man that many suppose 1 him to be,
he would, have declined to run, under
the circumstances, wjthou. his fusion
mate. Ka had the opportunity twice to
show himself greater than the party
which ( lured him to defeat; but he
misplaced his opportunity all for a
name. .While it has been demonstrated
dozens of times, the great majority of
the American people despise thename
democrat, and none more heartily than
thousands who claimed it more than
half their lives.
Don't be too sure that a name can't
be propped. I .think the election on
November 4 proves . that, thousands
have, dropped it already and have not
picked up another yet . i am not one
of the stay-at-homes, but I, have char
ity for many who were. Not because
they cared, to shuck corn so much, as
because, they are disgusted with the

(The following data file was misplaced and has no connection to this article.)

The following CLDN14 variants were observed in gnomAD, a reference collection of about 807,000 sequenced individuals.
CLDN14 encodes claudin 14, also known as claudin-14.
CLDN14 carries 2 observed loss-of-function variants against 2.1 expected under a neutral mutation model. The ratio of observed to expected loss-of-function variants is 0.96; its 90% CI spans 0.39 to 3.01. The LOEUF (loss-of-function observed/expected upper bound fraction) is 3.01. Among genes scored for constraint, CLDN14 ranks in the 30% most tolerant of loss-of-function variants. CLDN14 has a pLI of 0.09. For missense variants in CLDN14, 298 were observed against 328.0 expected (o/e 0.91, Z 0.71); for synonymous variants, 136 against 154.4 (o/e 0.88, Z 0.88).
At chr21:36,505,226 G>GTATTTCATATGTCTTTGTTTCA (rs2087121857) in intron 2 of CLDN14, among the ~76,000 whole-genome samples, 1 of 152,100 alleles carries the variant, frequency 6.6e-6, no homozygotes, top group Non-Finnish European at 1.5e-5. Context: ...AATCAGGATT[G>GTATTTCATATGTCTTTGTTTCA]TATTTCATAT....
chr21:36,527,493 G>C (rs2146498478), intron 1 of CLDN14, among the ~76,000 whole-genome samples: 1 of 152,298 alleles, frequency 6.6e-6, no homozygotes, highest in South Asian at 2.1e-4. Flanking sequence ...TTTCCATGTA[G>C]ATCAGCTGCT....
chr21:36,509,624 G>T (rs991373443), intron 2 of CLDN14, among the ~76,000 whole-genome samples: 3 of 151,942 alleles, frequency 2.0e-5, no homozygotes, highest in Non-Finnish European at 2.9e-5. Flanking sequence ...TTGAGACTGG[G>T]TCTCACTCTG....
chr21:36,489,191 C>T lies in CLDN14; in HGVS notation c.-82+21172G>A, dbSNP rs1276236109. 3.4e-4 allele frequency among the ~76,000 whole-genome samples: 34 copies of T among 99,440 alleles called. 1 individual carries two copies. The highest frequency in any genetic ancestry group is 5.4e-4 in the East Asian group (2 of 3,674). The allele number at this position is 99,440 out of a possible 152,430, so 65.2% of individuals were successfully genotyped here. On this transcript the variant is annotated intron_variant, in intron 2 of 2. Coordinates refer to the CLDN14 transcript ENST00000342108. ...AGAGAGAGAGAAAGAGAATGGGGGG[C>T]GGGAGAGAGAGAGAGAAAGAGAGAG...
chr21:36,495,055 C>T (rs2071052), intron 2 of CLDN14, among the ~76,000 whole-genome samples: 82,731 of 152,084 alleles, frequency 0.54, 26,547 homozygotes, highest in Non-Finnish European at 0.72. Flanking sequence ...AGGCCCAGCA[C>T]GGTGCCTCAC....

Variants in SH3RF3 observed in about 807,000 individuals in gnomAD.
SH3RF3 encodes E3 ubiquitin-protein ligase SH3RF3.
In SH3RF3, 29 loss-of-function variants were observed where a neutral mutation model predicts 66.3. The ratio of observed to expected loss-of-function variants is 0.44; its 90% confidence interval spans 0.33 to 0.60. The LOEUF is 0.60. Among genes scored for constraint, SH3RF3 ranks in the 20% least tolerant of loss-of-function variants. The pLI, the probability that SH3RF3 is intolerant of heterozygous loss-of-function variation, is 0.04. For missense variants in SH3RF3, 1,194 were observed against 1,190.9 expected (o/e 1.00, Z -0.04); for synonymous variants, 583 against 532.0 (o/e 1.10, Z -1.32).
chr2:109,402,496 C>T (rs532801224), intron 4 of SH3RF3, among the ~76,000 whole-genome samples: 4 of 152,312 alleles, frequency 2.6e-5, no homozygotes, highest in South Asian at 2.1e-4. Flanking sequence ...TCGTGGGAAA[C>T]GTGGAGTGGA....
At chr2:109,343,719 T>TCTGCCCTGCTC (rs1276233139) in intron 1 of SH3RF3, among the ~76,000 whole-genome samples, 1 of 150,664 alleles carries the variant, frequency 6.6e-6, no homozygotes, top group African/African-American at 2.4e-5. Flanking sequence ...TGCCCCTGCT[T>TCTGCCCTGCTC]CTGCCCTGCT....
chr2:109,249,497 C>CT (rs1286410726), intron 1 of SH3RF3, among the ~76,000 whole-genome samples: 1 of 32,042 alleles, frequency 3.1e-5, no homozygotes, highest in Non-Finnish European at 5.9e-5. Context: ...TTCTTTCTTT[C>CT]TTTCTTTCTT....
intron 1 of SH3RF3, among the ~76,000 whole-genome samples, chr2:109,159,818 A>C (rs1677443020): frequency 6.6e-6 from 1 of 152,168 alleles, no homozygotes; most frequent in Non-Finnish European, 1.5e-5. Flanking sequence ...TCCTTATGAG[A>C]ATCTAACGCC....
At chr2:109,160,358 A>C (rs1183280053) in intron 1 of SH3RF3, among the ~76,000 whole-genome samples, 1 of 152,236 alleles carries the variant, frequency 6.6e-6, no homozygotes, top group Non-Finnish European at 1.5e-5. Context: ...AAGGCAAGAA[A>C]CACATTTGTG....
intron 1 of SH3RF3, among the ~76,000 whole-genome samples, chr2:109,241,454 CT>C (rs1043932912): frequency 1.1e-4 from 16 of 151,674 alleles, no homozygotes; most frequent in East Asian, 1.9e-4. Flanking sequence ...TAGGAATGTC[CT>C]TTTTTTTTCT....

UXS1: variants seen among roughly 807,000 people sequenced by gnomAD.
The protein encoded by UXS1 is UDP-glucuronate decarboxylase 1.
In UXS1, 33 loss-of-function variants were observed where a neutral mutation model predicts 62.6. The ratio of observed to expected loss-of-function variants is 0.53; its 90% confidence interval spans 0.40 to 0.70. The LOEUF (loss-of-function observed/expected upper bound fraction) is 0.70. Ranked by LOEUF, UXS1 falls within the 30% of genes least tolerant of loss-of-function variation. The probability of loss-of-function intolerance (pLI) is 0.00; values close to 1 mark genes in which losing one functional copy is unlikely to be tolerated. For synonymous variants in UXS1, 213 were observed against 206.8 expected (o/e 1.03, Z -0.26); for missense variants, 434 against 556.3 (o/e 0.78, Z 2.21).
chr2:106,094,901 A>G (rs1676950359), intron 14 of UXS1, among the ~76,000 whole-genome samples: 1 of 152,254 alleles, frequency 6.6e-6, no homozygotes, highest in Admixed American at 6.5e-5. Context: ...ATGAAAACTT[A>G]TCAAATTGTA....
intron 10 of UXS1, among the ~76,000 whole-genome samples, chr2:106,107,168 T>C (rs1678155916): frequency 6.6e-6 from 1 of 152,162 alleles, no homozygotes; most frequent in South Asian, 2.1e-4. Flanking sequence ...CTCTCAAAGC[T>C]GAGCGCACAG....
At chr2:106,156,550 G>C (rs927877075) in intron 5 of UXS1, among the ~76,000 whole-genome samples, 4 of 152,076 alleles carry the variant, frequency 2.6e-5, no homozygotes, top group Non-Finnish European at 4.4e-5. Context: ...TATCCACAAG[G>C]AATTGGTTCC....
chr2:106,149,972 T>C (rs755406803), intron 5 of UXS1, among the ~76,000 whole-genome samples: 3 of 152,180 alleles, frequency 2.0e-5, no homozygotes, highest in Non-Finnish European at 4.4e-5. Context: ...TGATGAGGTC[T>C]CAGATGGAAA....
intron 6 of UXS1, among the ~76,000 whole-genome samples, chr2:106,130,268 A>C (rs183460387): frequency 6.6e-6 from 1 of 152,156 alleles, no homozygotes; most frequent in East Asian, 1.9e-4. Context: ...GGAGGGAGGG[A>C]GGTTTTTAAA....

political conditions. . David B.JIill, in
New York, and the same old gang in
Nebraska, who fused wit'i the repub
licans in Nebraska and who ever
heard of a pronibitionist, v ho had re
formed? I heard of one in .Kansas,
out of a job, several . years ago, but of
one that reformed, never.. Now don't
be too hard on the stay-at-homes, nor
too sure that the people won't get to
gether under a new name. They will
be compelled to do it soon, and if
there's not another name fcund It will
be -spelled revolutionists.
Rev. N. II. Blackmer, Monowi, Boyd
county, Neb., in settling for a. number
of blocks of cards says: "The election
went against us, and it surprised me.
In this county the new railroad own3
must be republican. The new farmers
who have bought out the old ones
must be republicans. But there, was
lack of Interest here, Well, ' we can
stand it if the mullet heads can: tax
shirking by the railroads and state
mismanagement is no harder on us
than on them. Keep up the fight for
reform and economy."
Patronize our advertisers.
Powered by Open ONI